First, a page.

I'm not picking on you, but it's a common misconception that flash shots are somehow "bad". I counter that with actual real life experience whenever it comes up. I have ~10,000ws of flash power** and have not hesitated to use it when that much is needed.

An addendum, for historical perspective:
Most of the time I shoot f5.6 @ ISO 800. With 4x5, I shoot f8 @ ISO 800. My maximum is f11 @ ISO 800. Consider this: The Master, O.W.Link, was shooting f11 or f16 @ ISO 100! That is six stops MORE light than what I typically use, i.e. 64 times more light (if I did the math right). When Link stopped down to f16 with his ISO 100 film, he was actually shooting at full daytime light levels! Were there any complaints? None known.


Kent in SD

*One X3200 is roughly
equal to x16-20 Nikon
SB flash

**Roughly equal to
x125 Nikon SB flash
SB flash.

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Old 02-18-2015, 05:05 AM   #9
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I do hear complaints from train crews about foamers being too close to the tracks. The reason is they don't know if its a foamer or a suicidal wacko about to jump in front of them.
I am well aware of that specific fact and I try to educate others. It's not what you do, but what it could look like you are about to do in the eyes of another. That's why I always wave (one hand, not two, lol), and hold my camera up to see often with the strip dangling.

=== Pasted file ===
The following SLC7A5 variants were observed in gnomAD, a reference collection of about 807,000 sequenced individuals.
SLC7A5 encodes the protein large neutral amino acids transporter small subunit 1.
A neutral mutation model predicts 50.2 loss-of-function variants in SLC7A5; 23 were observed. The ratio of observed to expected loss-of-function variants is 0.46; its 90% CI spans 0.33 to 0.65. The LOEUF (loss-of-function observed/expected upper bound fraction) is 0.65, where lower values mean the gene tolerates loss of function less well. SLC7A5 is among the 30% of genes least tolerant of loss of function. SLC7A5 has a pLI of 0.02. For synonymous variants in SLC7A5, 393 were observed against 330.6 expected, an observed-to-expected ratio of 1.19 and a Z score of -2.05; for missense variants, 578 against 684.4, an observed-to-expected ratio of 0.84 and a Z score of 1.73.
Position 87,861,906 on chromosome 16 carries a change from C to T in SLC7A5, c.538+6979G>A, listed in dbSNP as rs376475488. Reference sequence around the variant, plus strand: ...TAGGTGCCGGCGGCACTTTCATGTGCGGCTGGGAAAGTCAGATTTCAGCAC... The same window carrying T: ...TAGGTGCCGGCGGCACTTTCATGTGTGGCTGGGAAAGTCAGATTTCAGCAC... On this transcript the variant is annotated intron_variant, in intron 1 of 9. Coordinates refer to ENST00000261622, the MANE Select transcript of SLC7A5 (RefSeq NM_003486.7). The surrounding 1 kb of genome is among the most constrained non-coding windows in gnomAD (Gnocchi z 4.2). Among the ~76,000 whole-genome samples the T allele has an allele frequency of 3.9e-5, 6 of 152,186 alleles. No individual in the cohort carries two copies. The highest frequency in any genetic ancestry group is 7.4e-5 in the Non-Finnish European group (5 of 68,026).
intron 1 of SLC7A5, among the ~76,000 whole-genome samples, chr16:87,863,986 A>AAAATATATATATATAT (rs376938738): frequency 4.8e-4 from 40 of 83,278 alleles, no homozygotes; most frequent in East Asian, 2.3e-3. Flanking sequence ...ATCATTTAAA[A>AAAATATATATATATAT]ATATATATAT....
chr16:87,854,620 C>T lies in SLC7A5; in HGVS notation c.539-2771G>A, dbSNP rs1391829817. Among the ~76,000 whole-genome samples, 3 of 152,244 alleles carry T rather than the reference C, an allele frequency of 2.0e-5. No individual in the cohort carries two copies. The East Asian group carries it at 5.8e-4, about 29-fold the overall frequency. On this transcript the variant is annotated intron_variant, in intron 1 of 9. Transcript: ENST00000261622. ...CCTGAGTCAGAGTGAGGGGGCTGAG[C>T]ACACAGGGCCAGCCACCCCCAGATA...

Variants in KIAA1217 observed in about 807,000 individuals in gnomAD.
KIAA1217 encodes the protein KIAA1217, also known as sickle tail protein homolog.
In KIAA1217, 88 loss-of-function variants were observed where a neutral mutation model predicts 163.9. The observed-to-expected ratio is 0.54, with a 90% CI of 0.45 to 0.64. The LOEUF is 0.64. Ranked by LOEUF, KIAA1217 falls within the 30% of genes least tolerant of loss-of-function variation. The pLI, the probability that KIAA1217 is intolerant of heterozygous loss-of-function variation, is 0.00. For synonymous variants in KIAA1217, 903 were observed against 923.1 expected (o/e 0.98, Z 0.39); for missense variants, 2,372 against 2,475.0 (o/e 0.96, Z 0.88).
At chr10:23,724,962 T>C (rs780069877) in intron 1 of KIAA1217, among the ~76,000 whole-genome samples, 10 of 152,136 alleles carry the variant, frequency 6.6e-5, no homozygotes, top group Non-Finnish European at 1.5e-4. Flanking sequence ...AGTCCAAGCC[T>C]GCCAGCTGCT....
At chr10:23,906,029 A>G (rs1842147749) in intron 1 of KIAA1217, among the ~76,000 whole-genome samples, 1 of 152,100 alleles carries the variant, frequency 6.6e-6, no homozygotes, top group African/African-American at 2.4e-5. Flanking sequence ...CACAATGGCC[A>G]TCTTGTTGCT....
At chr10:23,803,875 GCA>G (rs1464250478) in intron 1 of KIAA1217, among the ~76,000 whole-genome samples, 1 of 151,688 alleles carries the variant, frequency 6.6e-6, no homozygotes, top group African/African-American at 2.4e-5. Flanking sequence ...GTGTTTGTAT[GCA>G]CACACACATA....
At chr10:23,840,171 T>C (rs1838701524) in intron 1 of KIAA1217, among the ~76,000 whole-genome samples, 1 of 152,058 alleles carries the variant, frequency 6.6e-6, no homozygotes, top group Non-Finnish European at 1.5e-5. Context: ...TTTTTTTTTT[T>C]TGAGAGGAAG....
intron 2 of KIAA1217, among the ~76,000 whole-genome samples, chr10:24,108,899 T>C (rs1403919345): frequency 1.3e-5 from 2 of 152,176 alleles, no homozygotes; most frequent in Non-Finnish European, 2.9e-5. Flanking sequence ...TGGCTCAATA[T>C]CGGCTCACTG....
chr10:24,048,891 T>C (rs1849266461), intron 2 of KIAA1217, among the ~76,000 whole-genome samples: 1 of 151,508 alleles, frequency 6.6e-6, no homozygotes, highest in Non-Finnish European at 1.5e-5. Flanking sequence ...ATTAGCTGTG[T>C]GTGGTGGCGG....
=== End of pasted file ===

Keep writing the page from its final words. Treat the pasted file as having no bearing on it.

As for flash photography at night - when popping off multiple flashes (you get lazy and only bring one light), that is not often a problem as the crew is either not in the cab or they are engaged in something inside the cab, if even just a conversation.

I jumped in the band wagon - got some stuff on E-bay followed by a few speedlights but after speaking with the engineers at Strasburg, W&W and New Hope, I can say it was somewhat unanimous - "I hate those damn flashes!". They are pretty cool about it in general, after all, they cater to tourist (even the non-paying ones) and with a heads up, will often work the engine for you. But I've heard the opposite occur when no notice is given.

The nice thing about a tourist excursion line is you can actually walk up and say hello. Give them a heads up. Get permission. How do you do that with the Norfolk Southern Corporation?? Why would they even consider allowing any risk? This ain't 5 guys, or even 20, now we're talking a corporation with lawyers and shareholders.

And then, let's say you find a way. How do you find a way while you are vacationing in a new territory? How do you get access to even ask, let alone get permission to flash an engineer of a freight train?

I'm not trying to aggressively retort your statements, Kent - I'm genuinely curious. There was a quite a lively debate some time back on the site Trainorders.com. There were certainly more who seemed annoyed then favorable. Warning flash? - The thought was, "what's going on up there? What was that flash? Is there a problem". Flash light or flash light with an orange glow? A safety vest - again - they said, "What is going on up ahead? Do I need to be concerned? Should I slow down, or stop?"

I hope you are right! And I'm sure you, Gary, and Sean have made good friends and excellent contacts in your localities though such examples seem the exception in a world where just about anyone can afford a beginners set up.

Then, for me, add the dense population of the Northeast. I've heard too many stories of the police arriving to investigate mysterious flashes. "What are you doing?" See this big flash bulb? I'm gonna flash it right at the engineer of the train when he goes by! OK? Lol - maybe things are different in the prairies of SD and the mountains of WV and PA!